Do I need a 409a valuation and what is a safe harbour?
According to 409A valuation start up regulations, companies have the option to obtain a “safe harbour” valuation. A safe harbour valuation is presumed to be correct because it was done through the proper framework. This implies that if the IRS subsequently declares, “We think that valuation was incorrect. The IRS now has the burden of demonstrating that the value was incorrect because your stockholders are generating too much money. Achieving safe harbour shifts the burden of proof to the IRS that the determined value was grossly unreasonable.
Finding a safe harbour valuation: 3 methods
There are three ways to get a “safe harbour” valuation under 409A regulations:
- 1. Independent evaluation technique: The fast 409A valuation is done through a proper framework and is therefore presumed to be correct. This means that if the IRS later says the valuation is inaccurate, they have to prove it. This is usually the safest and most popular option, as it provides credibility and assurances from an independent specialist.
- 2. Evaluation using the formula: This method is available to a few companies that meet specific conditions. For example, the stock must have non-lapse restrictions and the formula must be used in all transactions where the issuer buys or sells the common stock. An impartial third party does the appraisal.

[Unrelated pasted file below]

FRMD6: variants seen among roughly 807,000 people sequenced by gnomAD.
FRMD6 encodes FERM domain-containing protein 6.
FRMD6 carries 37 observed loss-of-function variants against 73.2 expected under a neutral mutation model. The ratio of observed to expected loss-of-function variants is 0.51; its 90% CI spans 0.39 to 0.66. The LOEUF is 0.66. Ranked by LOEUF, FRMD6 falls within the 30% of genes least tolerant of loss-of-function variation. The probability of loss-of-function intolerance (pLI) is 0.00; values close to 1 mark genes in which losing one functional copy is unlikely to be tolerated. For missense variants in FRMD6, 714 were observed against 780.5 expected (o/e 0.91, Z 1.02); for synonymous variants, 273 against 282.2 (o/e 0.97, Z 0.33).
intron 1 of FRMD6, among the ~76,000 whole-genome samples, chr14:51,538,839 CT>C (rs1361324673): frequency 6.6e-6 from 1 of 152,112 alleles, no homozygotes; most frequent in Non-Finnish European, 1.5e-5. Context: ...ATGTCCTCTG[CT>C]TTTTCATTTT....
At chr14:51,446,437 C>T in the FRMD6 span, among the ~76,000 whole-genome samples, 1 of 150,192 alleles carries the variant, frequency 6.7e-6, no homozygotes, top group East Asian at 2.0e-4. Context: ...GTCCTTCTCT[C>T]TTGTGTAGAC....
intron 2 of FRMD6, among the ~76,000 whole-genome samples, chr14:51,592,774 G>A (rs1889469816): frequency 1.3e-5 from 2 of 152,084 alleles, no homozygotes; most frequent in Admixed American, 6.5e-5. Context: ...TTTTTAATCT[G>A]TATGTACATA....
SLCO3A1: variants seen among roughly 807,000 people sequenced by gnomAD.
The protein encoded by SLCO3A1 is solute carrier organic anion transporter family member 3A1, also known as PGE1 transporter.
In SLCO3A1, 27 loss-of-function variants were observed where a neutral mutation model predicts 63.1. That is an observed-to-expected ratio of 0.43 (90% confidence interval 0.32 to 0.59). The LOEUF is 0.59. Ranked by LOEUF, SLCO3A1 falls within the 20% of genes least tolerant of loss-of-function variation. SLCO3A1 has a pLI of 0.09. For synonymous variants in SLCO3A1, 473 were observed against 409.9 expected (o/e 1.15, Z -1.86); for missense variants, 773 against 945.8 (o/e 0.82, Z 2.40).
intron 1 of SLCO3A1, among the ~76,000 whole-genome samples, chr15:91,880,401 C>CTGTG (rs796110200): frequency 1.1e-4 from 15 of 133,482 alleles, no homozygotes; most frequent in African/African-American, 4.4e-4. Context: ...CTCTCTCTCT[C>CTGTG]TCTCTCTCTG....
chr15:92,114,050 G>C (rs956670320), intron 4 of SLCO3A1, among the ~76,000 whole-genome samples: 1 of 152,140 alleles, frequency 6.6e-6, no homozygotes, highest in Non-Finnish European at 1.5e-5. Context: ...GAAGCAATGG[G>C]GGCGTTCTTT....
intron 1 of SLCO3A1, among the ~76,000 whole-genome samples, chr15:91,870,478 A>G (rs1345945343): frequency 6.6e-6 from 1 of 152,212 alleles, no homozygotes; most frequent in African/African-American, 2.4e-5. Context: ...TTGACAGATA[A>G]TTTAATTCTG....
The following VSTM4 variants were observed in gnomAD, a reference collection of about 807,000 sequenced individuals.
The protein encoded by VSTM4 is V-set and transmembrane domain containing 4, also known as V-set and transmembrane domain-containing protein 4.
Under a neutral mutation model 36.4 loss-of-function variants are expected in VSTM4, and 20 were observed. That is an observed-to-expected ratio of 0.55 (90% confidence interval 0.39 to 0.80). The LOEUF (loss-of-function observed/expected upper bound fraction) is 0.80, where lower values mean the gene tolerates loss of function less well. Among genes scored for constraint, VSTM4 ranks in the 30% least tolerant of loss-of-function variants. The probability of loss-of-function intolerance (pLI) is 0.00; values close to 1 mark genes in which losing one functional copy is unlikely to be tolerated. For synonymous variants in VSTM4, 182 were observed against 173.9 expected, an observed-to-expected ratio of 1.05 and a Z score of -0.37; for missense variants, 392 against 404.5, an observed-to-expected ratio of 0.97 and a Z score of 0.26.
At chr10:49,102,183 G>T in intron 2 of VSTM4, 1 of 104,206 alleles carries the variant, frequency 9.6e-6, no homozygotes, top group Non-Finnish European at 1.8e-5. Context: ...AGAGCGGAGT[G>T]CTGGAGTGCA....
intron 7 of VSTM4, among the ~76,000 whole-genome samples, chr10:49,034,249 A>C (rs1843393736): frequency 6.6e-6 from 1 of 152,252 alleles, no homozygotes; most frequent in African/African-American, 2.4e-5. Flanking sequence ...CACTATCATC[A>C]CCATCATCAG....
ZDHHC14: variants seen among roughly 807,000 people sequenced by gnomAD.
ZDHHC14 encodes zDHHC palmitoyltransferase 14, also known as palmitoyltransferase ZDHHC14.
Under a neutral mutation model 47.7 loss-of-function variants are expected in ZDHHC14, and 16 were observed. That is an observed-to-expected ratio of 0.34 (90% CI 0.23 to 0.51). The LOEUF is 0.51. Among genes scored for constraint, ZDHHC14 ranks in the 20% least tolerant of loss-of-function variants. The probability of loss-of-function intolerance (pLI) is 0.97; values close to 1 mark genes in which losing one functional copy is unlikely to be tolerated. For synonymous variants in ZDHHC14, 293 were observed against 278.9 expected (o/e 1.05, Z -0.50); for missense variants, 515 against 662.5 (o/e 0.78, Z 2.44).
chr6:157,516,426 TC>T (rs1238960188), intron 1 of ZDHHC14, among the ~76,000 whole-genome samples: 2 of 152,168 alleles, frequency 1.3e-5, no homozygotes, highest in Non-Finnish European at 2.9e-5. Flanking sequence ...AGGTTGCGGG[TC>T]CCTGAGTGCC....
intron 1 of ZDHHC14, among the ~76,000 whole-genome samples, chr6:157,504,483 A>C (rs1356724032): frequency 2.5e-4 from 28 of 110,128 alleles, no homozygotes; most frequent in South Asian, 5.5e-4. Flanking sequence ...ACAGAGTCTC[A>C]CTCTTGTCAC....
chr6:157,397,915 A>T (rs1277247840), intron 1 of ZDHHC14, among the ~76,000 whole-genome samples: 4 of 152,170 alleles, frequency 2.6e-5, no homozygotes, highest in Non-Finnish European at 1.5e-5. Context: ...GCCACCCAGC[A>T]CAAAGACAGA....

- 3. Illiquid start-up technique: The 409A valuation start up is based on recent transactions involving identical or similar companies. A safe harbour valuation is an appraisal of an asset, typically done by a qualified person, that can be used to establish the value of the said asset for tax purposes. The term “safe harbour” comes from the fact that the IRS has established specific standards that appraisers must meet for the valuation to be considered valid. As long as the appraiser meets these standards and provides a written report detailing their findings, the 409A valuation date can be used to determine the worth of an illiquid start up for tax purposes. The value of the start-up is determined by taking into account factors such as the market value of similar entities, the value of tangible and intangible assets, control premiums, etc.
If you want to qualify for safe harbour status and avoid IRS penalties, it’s important to have proper valuation and governance processes in place for your stock options. Hiring an independent appraiser to perform a 409A valuation is the easiest and safest way to establish a safe harbour and protect your employees.
Your fast 409A valuation is a direct representation of both the company you’re building and the shareholder wealth you’re creating. It’s important to work with your 409A provider to optimise your valuation but avoid using questionable valuation methods or making assumptions that could have negative consequences.